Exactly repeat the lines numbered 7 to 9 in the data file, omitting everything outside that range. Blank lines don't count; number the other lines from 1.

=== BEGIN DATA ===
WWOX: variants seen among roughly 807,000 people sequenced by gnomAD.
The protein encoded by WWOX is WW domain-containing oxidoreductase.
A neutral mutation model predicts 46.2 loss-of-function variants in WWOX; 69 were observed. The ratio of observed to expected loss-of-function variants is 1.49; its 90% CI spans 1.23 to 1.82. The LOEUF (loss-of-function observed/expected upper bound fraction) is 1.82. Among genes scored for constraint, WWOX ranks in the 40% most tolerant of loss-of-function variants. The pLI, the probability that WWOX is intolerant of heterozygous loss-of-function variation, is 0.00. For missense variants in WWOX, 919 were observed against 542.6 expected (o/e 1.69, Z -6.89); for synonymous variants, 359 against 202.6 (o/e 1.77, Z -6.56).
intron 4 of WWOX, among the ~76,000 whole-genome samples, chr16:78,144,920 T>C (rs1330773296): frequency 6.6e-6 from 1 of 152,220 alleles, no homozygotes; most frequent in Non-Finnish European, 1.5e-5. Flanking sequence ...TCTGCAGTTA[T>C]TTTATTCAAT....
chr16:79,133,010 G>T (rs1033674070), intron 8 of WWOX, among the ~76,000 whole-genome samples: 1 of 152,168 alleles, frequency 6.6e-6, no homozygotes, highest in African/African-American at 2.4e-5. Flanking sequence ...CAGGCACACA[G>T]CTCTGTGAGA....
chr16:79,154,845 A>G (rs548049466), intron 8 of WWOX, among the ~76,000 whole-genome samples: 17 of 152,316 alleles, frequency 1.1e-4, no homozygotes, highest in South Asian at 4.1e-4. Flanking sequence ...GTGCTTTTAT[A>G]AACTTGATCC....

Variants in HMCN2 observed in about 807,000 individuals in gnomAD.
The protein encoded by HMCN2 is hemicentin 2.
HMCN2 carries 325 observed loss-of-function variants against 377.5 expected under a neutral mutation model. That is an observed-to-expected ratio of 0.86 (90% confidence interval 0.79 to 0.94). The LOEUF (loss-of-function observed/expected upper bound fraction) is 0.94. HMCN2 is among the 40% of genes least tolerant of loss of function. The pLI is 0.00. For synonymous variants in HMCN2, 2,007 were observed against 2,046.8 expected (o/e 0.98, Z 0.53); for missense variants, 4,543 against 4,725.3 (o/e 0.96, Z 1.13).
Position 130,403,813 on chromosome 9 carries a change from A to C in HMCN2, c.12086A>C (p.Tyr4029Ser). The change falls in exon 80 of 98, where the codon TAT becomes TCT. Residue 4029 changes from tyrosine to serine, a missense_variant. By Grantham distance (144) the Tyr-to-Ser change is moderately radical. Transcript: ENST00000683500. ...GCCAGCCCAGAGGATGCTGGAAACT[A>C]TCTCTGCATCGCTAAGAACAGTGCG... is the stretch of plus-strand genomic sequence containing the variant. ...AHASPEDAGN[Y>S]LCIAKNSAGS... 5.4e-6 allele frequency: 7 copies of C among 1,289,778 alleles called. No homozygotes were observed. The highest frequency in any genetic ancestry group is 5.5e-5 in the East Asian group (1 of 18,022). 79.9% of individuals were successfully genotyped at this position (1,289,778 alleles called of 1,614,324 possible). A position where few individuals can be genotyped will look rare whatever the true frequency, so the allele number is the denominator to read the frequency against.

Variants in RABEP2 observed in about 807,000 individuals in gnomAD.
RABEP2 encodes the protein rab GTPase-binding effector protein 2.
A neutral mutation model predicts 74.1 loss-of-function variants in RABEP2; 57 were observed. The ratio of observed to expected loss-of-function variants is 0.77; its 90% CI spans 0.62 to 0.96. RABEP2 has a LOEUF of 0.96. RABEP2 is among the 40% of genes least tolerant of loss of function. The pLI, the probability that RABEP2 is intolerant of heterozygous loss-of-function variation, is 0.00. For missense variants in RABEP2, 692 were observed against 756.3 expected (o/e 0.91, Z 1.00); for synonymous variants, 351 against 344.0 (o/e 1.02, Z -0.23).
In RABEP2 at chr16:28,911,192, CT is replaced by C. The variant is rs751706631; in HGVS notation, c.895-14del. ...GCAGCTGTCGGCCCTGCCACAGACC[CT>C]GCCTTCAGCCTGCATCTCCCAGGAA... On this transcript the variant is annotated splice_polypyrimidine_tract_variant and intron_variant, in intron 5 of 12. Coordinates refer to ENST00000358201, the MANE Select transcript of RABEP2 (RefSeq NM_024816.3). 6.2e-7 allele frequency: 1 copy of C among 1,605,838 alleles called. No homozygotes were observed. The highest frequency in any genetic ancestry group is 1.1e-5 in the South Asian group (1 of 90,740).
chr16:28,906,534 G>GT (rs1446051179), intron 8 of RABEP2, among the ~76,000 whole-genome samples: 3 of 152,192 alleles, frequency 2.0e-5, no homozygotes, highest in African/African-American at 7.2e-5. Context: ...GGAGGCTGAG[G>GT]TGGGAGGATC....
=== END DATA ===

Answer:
Variants in HMCN2 observed in about 807,000 individuals in gnomAD.
The protein encoded by HMCN2 is hemicentin 2.
HMCN2 carries 325 observed loss-of-function variants against 377.5 expected under a neutral mutation model. That is an observed-to-expected ratio of 0.86 (90% confidence interval 0.79 to 0.94). The LOEUF (loss-of-function observed/expected upper bound fraction) is 0.94. HMCN2 is among the 40% of genes least tolerant of loss of function. The pLI is 0.00. For synonymous variants in HMCN2, 2,007 were observed against 2,046.8 expected (o/e 0.98, Z 0.53); for missense variants, 4,543 against 4,725.3 (o/e 0.96, Z 1.13).